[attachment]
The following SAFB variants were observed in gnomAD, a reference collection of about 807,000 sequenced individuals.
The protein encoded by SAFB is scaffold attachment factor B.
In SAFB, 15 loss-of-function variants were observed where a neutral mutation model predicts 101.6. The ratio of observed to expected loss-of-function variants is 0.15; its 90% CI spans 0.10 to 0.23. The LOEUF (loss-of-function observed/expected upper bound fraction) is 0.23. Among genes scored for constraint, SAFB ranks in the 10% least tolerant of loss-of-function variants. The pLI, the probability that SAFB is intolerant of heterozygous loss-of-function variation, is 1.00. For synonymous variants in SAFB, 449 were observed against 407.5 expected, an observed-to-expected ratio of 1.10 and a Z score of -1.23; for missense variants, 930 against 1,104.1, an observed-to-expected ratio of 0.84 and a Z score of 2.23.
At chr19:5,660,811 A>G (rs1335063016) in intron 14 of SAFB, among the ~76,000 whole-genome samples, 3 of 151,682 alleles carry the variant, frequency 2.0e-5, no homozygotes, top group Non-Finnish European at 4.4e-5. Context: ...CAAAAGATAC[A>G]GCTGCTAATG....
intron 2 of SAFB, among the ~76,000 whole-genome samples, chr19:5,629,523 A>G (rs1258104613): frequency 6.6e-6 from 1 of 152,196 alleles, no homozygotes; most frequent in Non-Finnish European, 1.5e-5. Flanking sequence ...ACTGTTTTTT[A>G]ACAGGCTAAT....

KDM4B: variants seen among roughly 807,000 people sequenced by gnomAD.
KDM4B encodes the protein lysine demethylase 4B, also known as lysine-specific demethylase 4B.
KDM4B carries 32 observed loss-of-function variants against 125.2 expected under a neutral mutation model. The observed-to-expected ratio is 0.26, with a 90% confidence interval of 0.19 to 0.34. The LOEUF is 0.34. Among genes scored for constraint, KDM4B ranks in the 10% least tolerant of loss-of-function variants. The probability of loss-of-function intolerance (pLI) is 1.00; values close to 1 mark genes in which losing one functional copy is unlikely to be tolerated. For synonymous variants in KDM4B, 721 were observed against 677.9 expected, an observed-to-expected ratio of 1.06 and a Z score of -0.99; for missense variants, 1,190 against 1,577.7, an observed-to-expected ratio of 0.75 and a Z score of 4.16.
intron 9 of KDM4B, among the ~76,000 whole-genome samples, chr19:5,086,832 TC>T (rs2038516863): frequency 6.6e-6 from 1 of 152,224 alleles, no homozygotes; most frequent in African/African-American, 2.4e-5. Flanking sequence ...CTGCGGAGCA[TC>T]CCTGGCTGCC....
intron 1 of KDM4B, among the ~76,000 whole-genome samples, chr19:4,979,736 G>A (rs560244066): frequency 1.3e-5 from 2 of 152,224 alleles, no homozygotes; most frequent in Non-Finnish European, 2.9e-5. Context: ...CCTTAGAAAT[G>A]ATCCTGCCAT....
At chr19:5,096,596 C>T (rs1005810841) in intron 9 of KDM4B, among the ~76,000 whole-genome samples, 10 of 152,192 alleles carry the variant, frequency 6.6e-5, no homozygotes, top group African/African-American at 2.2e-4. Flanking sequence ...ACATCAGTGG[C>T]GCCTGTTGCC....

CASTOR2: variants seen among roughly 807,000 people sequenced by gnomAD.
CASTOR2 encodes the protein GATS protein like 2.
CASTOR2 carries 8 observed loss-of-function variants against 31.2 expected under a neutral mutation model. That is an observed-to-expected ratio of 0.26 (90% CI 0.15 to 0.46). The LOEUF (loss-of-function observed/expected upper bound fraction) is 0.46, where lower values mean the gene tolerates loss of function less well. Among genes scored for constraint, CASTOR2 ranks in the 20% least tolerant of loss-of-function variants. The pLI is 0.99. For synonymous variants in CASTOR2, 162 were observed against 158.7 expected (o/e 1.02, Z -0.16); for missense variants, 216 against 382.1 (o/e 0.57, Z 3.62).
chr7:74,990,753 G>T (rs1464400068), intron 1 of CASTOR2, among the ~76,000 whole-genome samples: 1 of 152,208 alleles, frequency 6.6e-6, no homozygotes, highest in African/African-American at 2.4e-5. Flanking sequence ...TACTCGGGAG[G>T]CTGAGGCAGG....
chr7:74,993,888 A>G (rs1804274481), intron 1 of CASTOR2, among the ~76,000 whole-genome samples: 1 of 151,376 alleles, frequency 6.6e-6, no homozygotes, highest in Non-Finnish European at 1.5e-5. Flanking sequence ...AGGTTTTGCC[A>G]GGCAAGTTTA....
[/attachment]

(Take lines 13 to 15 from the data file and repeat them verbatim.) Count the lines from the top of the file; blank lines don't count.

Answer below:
CASTOR2 encodes the protein GATS protein like 2.
CASTOR2 carries 8 observed loss-of-function variants against 31.2 expected under a neutral mutation model. That is an observed-to-expected ratio of 0.26 (90% CI 0.15 to 0.46). The LOEUF (loss-of-function observed/expected upper bound fraction) is 0.46, where lower values mean the gene tolerates loss of function less well. Among genes scored for constraint, CASTOR2 ranks in the 20% least tolerant of loss-of-function variants. The pLI is 0.99. For synonymous variants in CASTOR2, 162 were observed against 158.7 expected (o/e 1.02, Z -0.16); for missense variants, 216 against 382.1 (o/e 0.57, Z 3.62).
chr7:74,990,753 G>T (rs1464400068), intron 1 of CASTOR2, among the ~76,000 whole-genome samples: 1 of 152,208 alleles, frequency 6.6e-6, no homozygotes, highest in African/African-American at 2.4e-5. Flanking sequence ...TACTCGGGAG[G>T]CTGAGGCAGG....